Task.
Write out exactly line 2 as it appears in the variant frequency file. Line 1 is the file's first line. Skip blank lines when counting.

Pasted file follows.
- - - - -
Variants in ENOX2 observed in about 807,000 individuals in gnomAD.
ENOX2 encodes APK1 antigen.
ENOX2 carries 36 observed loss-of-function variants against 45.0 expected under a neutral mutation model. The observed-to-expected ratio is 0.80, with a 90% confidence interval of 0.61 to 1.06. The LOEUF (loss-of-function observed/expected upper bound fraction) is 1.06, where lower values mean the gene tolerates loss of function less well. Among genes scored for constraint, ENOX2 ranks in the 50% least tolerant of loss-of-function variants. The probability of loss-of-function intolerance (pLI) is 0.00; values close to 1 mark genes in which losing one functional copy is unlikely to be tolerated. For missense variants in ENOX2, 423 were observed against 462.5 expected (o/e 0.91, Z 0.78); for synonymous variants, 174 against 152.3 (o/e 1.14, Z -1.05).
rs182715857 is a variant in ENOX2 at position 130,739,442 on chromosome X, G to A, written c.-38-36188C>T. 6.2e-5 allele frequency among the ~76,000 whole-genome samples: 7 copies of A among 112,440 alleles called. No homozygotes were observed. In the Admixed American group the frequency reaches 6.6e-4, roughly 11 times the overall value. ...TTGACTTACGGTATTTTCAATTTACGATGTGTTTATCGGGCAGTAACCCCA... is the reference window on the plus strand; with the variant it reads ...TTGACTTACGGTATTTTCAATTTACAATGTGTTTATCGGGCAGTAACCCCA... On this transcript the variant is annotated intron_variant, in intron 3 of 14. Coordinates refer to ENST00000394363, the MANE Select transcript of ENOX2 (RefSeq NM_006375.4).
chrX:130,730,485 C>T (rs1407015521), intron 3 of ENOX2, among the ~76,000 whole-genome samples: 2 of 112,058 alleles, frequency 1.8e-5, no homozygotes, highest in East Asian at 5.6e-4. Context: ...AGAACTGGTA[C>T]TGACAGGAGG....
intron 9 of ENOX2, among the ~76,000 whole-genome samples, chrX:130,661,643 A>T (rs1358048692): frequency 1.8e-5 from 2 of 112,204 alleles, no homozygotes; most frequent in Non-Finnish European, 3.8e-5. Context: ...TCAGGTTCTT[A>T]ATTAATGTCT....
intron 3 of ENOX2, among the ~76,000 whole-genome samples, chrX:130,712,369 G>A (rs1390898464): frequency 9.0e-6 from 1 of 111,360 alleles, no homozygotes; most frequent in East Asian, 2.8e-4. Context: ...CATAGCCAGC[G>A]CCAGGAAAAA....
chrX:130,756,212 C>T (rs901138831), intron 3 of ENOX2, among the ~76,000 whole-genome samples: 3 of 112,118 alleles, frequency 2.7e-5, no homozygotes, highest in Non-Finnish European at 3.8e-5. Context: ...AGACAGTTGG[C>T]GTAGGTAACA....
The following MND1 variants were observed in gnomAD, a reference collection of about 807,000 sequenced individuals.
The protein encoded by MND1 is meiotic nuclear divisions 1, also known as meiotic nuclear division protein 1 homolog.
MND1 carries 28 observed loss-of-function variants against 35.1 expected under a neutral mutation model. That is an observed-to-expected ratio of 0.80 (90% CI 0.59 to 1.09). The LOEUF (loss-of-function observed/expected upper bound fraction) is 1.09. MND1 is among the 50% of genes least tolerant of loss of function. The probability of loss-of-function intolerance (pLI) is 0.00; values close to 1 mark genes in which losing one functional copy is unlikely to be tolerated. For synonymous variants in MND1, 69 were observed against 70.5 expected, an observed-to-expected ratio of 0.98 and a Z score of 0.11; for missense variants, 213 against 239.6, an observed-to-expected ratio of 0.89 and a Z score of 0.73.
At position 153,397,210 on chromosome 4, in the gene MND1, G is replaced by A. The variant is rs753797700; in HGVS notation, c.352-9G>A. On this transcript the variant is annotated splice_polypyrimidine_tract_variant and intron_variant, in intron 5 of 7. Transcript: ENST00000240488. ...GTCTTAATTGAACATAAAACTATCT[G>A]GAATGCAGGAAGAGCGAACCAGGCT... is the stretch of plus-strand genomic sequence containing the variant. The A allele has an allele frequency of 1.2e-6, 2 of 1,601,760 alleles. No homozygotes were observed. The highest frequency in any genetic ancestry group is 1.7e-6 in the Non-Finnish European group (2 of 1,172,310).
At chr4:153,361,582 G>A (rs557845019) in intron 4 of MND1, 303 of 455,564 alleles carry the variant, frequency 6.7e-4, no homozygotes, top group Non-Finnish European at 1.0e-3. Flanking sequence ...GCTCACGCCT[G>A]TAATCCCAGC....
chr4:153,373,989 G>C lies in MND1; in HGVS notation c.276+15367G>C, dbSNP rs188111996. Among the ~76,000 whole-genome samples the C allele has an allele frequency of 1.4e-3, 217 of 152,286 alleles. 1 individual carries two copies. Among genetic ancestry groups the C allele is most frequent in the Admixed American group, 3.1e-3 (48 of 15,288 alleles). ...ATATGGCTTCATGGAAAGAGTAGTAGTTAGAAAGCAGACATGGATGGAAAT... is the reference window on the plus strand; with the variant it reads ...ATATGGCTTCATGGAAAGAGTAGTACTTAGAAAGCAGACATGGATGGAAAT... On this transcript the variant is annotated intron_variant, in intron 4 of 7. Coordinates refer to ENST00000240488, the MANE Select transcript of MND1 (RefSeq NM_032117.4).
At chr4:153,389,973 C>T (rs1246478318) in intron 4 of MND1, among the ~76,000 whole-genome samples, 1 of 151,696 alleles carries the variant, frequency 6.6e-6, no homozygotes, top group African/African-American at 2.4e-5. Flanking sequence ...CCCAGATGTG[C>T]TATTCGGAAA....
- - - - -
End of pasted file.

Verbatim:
ENOX2 encodes APK1 antigen.